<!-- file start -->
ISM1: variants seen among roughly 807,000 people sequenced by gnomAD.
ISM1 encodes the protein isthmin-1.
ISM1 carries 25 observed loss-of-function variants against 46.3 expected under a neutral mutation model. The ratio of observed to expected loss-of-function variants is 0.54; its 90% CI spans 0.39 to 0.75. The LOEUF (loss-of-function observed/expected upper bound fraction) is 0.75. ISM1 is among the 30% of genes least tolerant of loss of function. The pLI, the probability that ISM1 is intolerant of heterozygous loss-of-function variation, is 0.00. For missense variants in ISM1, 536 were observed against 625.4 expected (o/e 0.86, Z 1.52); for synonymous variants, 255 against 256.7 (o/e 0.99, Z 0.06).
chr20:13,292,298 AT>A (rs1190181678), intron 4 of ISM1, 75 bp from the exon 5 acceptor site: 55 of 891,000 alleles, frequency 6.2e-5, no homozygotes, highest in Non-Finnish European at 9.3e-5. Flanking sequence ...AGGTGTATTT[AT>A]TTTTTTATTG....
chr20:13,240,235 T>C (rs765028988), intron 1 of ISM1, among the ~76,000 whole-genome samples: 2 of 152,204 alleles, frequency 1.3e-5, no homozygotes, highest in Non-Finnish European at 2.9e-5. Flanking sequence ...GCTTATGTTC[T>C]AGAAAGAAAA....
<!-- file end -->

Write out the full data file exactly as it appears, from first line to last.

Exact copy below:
ISM1: variants seen among roughly 807,000 people sequenced by gnomAD.
ISM1 encodes the protein isthmin-1.
ISM1 carries 25 observed loss-of-function variants against 46.3 expected under a neutral mutation model. The ratio of observed to expected loss-of-function variants is 0.54; its 90% CI spans 0.39 to 0.75. The LOEUF (loss-of-function observed/expected upper bound fraction) is 0.75. ISM1 is among the 30% of genes least tolerant of loss of function. The pLI, the probability that ISM1 is intolerant of heterozygous loss-of-function variation, is 0.00. For missense variants in ISM1, 536 were observed against 625.4 expected (o/e 0.86, Z 1.52); for synonymous variants, 255 against 256.7 (o/e 0.99, Z 0.06).
chr20:13,292,298 AT>A (rs1190181678), intron 4 of ISM1, 75 bp from the exon 5 acceptor site: 55 of 891,000 alleles, frequency 6.2e-5, no homozygotes, highest in Non-Finnish European at 9.3e-5. Flanking sequence ...AGGTGTATTT[AT>A]TTTTTTATTG....
chr20:13,240,235 T>C (rs765028988), intron 1 of ISM1, among the ~76,000 whole-genome samples: 2 of 152,204 alleles, frequency 1.3e-5, no homozygotes, highest in Non-Finnish European at 2.9e-5. Flanking sequence ...GCTTATGTTC[T>C]AGAAAGAAAA....